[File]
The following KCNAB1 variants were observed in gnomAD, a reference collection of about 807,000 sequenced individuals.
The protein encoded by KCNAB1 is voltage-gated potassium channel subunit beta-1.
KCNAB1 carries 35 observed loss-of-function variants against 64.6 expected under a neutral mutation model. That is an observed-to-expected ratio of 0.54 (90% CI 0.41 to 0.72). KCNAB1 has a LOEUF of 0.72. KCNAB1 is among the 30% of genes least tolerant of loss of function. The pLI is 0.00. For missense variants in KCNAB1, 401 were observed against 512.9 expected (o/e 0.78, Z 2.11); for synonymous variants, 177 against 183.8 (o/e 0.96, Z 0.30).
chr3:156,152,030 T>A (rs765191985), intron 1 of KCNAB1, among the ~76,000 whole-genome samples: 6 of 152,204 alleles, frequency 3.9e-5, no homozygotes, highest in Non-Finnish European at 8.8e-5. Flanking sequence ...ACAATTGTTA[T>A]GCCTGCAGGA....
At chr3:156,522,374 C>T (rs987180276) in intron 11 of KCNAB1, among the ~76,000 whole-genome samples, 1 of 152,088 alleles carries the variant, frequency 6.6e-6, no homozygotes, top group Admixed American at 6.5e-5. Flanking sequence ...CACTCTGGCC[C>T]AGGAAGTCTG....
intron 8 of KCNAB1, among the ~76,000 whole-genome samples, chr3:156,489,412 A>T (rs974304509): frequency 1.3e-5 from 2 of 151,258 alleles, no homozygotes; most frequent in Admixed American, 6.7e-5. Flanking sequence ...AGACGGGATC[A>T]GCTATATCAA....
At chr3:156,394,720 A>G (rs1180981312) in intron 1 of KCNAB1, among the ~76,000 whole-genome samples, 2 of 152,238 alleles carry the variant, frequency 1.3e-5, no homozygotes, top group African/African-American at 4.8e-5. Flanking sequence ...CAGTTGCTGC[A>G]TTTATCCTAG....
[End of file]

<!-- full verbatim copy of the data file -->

The following KCNAB1 variants were observed in gnomAD, a reference collection of about 807,000 sequenced individuals.
The protein encoded by KCNAB1 is voltage-gated potassium channel subunit beta-1.
KCNAB1 carries 35 observed loss-of-function variants against 64.6 expected under a neutral mutation model. That is an observed-to-expected ratio of 0.54 (90% CI 0.41 to 0.72). KCNAB1 has a LOEUF of 0.72. KCNAB1 is among the 30% of genes least tolerant of loss of function. The pLI is 0.00. For missense variants in KCNAB1, 401 were observed against 512.9 expected (o/e 0.78, Z 2.11); for synonymous variants, 177 against 183.8 (o/e 0.96, Z 0.30).
chr3:156,152,030 T>A (rs765191985), intron 1 of KCNAB1, among the ~76,000 whole-genome samples: 6 of 152,204 alleles, frequency 3.9e-5, no homozygotes, highest in Non-Finnish European at 8.8e-5. Flanking sequence ...ACAATTGTTA[T>A]GCCTGCAGGA....
At chr3:156,522,374 C>T (rs987180276) in intron 11 of KCNAB1, among the ~76,000 whole-genome samples, 1 of 152,088 alleles carries the variant, frequency 6.6e-6, no homozygotes, top group Admixed American at 6.5e-5. Flanking sequence ...CACTCTGGCC[C>T]AGGAAGTCTG....
intron 8 of KCNAB1, among the ~76,000 whole-genome samples, chr3:156,489,412 A>T (rs974304509): frequency 1.3e-5 from 2 of 151,258 alleles, no homozygotes; most frequent in Admixed American, 6.7e-5. Flanking sequence ...AGACGGGATC[A>T]GCTATATCAA....
At chr3:156,394,720 A>G (rs1180981312) in intron 1 of KCNAB1, among the ~76,000 whole-genome samples, 2 of 152,238 alleles carry the variant, frequency 1.3e-5, no homozygotes, top group African/African-American at 4.8e-5. Flanking sequence ...CAGTTGCTGC[A>G]TTTATCCTAG....